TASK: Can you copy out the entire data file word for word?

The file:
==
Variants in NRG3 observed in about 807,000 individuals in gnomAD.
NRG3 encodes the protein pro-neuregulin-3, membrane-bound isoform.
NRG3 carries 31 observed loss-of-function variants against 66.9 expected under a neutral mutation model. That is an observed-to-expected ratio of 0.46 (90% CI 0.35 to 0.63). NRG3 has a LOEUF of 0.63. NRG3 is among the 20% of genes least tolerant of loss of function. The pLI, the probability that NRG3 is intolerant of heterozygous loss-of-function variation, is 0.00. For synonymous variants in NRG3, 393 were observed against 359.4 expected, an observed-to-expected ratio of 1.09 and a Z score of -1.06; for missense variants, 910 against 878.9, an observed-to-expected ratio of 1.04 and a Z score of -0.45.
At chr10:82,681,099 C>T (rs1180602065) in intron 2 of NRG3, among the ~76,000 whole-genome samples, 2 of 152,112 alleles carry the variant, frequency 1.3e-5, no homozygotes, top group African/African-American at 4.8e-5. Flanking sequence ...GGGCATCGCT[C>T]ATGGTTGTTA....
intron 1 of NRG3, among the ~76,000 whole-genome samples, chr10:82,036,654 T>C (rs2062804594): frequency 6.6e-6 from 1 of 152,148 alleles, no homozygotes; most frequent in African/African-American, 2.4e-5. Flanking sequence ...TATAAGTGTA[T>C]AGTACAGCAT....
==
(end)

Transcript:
Variants in NRG3 observed in about 807,000 individuals in gnomAD.
NRG3 encodes the protein pro-neuregulin-3, membrane-bound isoform.
NRG3 carries 31 observed loss-of-function variants against 66.9 expected under a neutral mutation model. That is an observed-to-expected ratio of 0.46 (90% CI 0.35 to 0.63). NRG3 has a LOEUF of 0.63. NRG3 is among the 20% of genes least tolerant of loss of function. The pLI, the probability that NRG3 is intolerant of heterozygous loss-of-function variation, is 0.00. For synonymous variants in NRG3, 393 were observed against 359.4 expected, an observed-to-expected ratio of 1.09 and a Z score of -1.06; for missense variants, 910 against 878.9, an observed-to-expected ratio of 1.04 and a Z score of -0.45.
At chr10:82,681,099 C>T (rs1180602065) in intron 2 of NRG3, among the ~76,000 whole-genome samples, 2 of 152,112 alleles carry the variant, frequency 1.3e-5, no homozygotes, top group African/African-American at 4.8e-5. Flanking sequence ...GGGCATCGCT[C>T]ATGGTTGTTA....
intron 1 of NRG3, among the ~76,000 whole-genome samples, chr10:82,036,654 T>C (rs2062804594): frequency 6.6e-6 from 1 of 152,148 alleles, no homozygotes; most frequent in African/African-American, 2.4e-5. Flanking sequence ...TATAAGTGTA[T>C]AGTACAGCAT....